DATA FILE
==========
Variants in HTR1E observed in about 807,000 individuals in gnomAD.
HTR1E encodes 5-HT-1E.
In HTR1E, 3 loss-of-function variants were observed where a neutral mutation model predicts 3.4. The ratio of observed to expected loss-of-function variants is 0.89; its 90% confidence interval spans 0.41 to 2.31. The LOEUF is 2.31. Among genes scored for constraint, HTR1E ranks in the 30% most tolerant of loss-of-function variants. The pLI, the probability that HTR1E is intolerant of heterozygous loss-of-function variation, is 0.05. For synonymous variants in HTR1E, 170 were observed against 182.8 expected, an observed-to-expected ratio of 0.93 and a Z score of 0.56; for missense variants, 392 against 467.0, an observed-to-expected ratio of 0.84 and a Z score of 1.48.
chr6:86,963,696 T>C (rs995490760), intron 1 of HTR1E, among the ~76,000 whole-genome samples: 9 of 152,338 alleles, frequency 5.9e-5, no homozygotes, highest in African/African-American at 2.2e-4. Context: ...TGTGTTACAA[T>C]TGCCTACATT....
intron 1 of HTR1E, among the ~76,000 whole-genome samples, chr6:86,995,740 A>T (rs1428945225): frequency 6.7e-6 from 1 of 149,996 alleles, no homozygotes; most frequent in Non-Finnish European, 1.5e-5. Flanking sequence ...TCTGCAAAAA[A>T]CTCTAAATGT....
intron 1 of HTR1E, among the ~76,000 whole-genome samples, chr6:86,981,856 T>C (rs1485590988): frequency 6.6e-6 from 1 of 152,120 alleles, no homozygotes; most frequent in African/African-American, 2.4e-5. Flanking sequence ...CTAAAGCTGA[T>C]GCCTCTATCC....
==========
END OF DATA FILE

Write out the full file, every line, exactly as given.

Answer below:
Variants in HTR1E observed in about 807,000 individuals in gnomAD.
HTR1E encodes 5-HT-1E.
In HTR1E, 3 loss-of-function variants were observed where a neutral mutation model predicts 3.4. The ratio of observed to expected loss-of-function variants is 0.89; its 90% confidence interval spans 0.41 to 2.31. The LOEUF is 2.31. Among genes scored for constraint, HTR1E ranks in the 30% most tolerant of loss-of-function variants. The pLI, the probability that HTR1E is intolerant of heterozygous loss-of-function variation, is 0.05. For synonymous variants in HTR1E, 170 were observed against 182.8 expected, an observed-to-expected ratio of 0.93 and a Z score of 0.56; for missense variants, 392 against 467.0, an observed-to-expected ratio of 0.84 and a Z score of 1.48.
chr6:86,963,696 T>C (rs995490760), intron 1 of HTR1E, among the ~76,000 whole-genome samples: 9 of 152,338 alleles, frequency 5.9e-5, no homozygotes, highest in African/African-American at 2.2e-4. Context: ...TGTGTTACAA[T>C]TGCCTACATT....
intron 1 of HTR1E, among the ~76,000 whole-genome samples, chr6:86,995,740 A>T (rs1428945225): frequency 6.7e-6 from 1 of 149,996 alleles, no homozygotes; most frequent in Non-Finnish European, 1.5e-5. Flanking sequence ...TCTGCAAAAA[A>T]CTCTAAATGT....
intron 1 of HTR1E, among the ~76,000 whole-genome samples, chr6:86,981,856 T>C (rs1485590988): frequency 6.6e-6 from 1 of 152,120 alleles, no homozygotes; most frequent in African/African-American, 2.4e-5. Flanking sequence ...CTAAAGCTGA[T>C]GCCTCTATCC....